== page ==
Regulatory Reality

Dec 1 2009   1:49AM GMT

Bank Checks: the final frontier?

David Schneier David Schneier Profile: David Schneier

I want to play a game with you, sort of like the compliance equivalent of the Rorschach inkblot test. I’m going to throw out a phrase and I want you to write down the first acronym that comes to mind.

Ready? Here we go……

1) Credit card numbers

2) Social security numbers

3) Bank account information

I’m betting most of you came up with the following answers:

1) PCI

2) PII

3) ?

I’ve been fascinated for a few years now as a regulatory compliance professional about how little attention one of the most significant risks remaining in the digital world receives anywhere in my industry. Everyone has gone absolutely nuts when it comes to credit card numbers. There’s a significant groundswell around personally identifiable information as is evidenced based on the growing number of state laws being passed to oversee such things. But try and find anything in the pipeline seeking to protect your bank account information in the public domain and there’s “ “ (aka crickets).

Earlier this month we celebrated a milestone event in our family and a fair number of gifts we received were presented in the form of personal checks. I had in my hands full name and addresses, bank routing details and individual account numbers from dozens of people at my disposal to do with as I pleased. And while I was honorable and simply deposited them (for some of my friends I apparently did so a little too quickly) the potential for fraud was huge. Consider that of the nearly two dozen companies I conduct business with each month (e.g. mortgage, car loans, utilities, etc), more than two-thirds accept online checks in lieu of credit cards. If you’ve never paid via an online ACH payment or check, all you need to do is provide the bank routing number (got it right there on the check), the individual bank account (got that too) and on occasion the name of the institution (but again, you have that right there in front of you). Really when you boil it down to bare essentials, it’s somewhat the equivalent of giving someone your credit card information on a piece of paper that than gets circulated through multiple touch points before it is completely processed.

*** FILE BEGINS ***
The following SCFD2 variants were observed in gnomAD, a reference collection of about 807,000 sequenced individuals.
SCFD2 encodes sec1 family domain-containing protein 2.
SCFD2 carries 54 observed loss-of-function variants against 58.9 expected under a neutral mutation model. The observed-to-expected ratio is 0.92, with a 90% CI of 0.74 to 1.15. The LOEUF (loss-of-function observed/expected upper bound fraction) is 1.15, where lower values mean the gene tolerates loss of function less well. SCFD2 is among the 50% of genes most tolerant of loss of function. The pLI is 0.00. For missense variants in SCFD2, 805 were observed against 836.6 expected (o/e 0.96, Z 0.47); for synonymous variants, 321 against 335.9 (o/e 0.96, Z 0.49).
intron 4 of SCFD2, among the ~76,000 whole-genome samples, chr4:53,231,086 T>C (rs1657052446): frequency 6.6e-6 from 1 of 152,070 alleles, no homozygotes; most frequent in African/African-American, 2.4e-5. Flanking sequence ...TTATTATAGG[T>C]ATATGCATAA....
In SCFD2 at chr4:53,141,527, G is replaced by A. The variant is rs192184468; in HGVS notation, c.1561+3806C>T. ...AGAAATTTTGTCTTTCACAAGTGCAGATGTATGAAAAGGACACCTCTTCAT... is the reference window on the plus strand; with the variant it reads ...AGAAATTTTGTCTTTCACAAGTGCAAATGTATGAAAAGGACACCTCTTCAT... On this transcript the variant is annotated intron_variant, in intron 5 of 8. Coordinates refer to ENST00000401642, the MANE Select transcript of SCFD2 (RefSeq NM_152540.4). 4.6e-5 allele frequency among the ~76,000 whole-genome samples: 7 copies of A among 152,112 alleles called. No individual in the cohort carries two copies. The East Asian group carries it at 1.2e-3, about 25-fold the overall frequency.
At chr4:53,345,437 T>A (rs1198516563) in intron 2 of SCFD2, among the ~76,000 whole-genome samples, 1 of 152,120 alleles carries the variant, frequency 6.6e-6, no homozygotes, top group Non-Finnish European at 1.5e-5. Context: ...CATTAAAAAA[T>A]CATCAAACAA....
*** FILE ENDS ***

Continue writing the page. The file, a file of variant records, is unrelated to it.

It’s insane, it’s unnecessary and most of all it’s unacceptable, and I’m betting it’s the next big information security flashpoint in the banking industry.

One of my colleagues considers checks to be archaic and thinks they should be eliminated altogether. Another suggested that they should be protected exactly the same way credit card numbers are being handled these days courtesy of the PCI standard. I was thinking of something a little simpler to start with. Why don’t they simply eliminate printing the routing and account details and rely exclusively on barcode technology as a Phase 1 sort of exercise? It’s an embedded technology and while far from tamper-proof it would certainly eliminate the biggest exposure currently in existence. I’d like to think that my money is a little harder to access than by my simply writing a check to a local service company and having someone in their office copy down the details and use them to make an unauthorized purchase. It’s not likely they’d have a barcode reader and so that would be the first logical step to take.

But whatever steps the industry takes to remedy this problem, one thing’s certain: Something has to be done. At this point in the evolution of identify theft and online fraud, it’s not as if the oversight bodies can claim ignorance. They know that the criminal element continually pursues the lowest hanging fruit, and right here and now the exposure provided courtesy of the printed bank check is just about dragging on the ground.

It’s time for the industry to change and hopefully before this reaches epic proportions. Because if bank customers become afraid or reluctant to use personal checks as a method of payment, it’s going to become a huge problem for commerce in general. Considering where our economy is at the moment, I doubt we can easily withstand such an event.

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